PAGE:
Lecture 3 - Narrative Analysis

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Lecture 3 - Narrative Analysis

  1. 1. Narrative Analysis From Raynor, Wall and Kruger (2004, pp.42-52) and Branston and Stafford (2006, 41-64)
  2. 2. <ul><li>Narrative (interpret the world and shape it into a comprehensible form </li></ul><ul><li>Photographs (frozen moment) </li></ul><ul><li>Music videos (often tell a story, often a love story) </li></ul><ul><li>A news report (may focus on effects of one family or one individual) </li></ul>
  3. 4. Influence Audiences <ul><li>Media producers can tell a story in a particular way: </li></ul><ul><ul><li>By staging the information audiences are encouraged to take a particular side/viewpoint </li></ul></ul><ul><ul><li>Staging can occur in films, documentaries, news items etc (e.g Chicago Tribune (n.d.) </li></ul></ul>
  4. 5.                                                    
  5. 6. Four Possible Ways to Structure a Narrative <ul><ul><li>Linear uses a chronological sequence as above </li></ul></ul><ul><ul><li>Parallel structuring has two scenes happening at once </li></ul></ul><ul><ul><li>Anti-narrative deliberately disrupts the flow for a particular effect; it may repeat images or interrupt the chronological sequence </li></ul></ul><ul><ul><li>Interactive – found in computer games (some books) where multiple variations are possible </li></ul></ul>
  6. 7. Applications of the Structure <ul><li>News stories </li></ul><ul><li>Television documentaries </li></ul><ul><li>Current affairs radio programmes </li></ul><ul><li>Sitcoms </li></ul><ul><li>Films </li></ul>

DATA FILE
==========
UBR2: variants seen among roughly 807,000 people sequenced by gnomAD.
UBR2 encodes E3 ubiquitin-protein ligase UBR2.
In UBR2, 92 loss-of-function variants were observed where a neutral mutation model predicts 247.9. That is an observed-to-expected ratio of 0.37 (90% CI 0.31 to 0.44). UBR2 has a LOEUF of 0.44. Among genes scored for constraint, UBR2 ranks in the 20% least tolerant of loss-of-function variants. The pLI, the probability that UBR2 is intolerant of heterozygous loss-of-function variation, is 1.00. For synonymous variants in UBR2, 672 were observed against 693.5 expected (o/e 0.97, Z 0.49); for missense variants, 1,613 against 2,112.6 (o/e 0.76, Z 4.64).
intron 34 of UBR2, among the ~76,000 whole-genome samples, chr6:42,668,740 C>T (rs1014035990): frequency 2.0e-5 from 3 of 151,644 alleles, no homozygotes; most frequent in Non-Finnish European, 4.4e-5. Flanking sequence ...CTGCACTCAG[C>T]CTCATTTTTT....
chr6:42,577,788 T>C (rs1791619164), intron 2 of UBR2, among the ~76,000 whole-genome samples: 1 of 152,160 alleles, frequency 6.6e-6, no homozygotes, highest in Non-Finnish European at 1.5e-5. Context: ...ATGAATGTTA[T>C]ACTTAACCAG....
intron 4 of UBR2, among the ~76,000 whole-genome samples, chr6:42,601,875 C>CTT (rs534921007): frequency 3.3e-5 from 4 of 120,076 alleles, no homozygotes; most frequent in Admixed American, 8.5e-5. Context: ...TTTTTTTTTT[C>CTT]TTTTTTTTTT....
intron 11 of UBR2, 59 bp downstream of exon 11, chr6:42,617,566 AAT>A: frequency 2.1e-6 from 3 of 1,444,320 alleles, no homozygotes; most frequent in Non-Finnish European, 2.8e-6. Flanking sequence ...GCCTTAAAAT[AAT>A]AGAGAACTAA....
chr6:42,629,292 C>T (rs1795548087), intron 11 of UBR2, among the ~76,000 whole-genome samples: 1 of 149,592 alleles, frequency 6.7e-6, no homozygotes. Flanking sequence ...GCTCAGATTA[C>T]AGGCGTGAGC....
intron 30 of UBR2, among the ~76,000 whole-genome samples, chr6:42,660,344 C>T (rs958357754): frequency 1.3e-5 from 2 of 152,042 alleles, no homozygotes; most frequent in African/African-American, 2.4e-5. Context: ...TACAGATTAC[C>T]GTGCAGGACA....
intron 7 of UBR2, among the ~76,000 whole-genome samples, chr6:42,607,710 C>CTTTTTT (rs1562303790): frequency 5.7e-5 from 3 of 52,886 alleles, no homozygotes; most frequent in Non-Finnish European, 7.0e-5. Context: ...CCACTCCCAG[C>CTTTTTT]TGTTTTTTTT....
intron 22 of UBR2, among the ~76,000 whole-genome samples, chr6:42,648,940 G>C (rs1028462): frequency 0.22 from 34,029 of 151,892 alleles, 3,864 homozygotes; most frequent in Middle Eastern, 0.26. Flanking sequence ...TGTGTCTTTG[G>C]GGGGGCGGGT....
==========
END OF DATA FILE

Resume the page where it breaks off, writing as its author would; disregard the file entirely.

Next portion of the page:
7. 8. Who is the Villain? http://ww2010.atmos.uiuc.edu/(Gh)/guides/mtr/af/frnts/ofdef.rxml
  8. 9. Narrative Characters and Functions <ul><li>Which character? (from photobucket.com) </li></ul>
  9. 10. http://www.firstpeople.us/FP-Html-Wisdom/Geronimo-Bio.html
  10. 11. Propp’s Main Characters <ul><ul><li>hero </li></ul></ul><ul><ul><li>villain, </li></ul></ul><ul><ul><li>donor (offers gift with magical properties) </li></ul></ul><ul><ul><li>dispatcher (sends hero on mission), </li></ul></ul><ul><ul><li>helper (aids hero) </li></ul></ul><ul><ul><li>princess (hero’s reward) </li></ul></ul><ul><ul><li>princess’s father (who rewards the hero) </li></ul></ul><ul><ul><li>dispatcher (who sends the hero on his way) </li></ul></ul><ul><ul><li>false hero </li></ul></ul>
  11. 12. Other Elements of Narrative <ul><li>Modes of address (Branston and Stafford, pp. 49) refers to the way a media text talks to the audience </li></ul><ul><li>Mode of address can influence the audience’s response (e.g. off-screen narrator) </li></ul><ul><li>Systematic oppositions (Levi-Strauss) narratives could be organized according to a series of oppositions e.g. Americans, Christians/pagans, domestic/savage, weak/strong, technologically advanced/primitive </li></ul>
  12. 13. <ul><li>Ideology: The type of characters that play various roles (heros, villains, victims etc.) ‘may reproduce common cultural assumptions about such individuals’ Hartley (2002, p.155); ‘Narrative’s use of shared cultural assumptions lead to the suggestion that all narratives are ideological’ Hartley (2002, p.155). </li></ul><ul><li>Stereotyping Narrative analysis allows investigation of stereotyping (e.g. are people of the same race, gender assigned the same roles in narratives? </li></ul>

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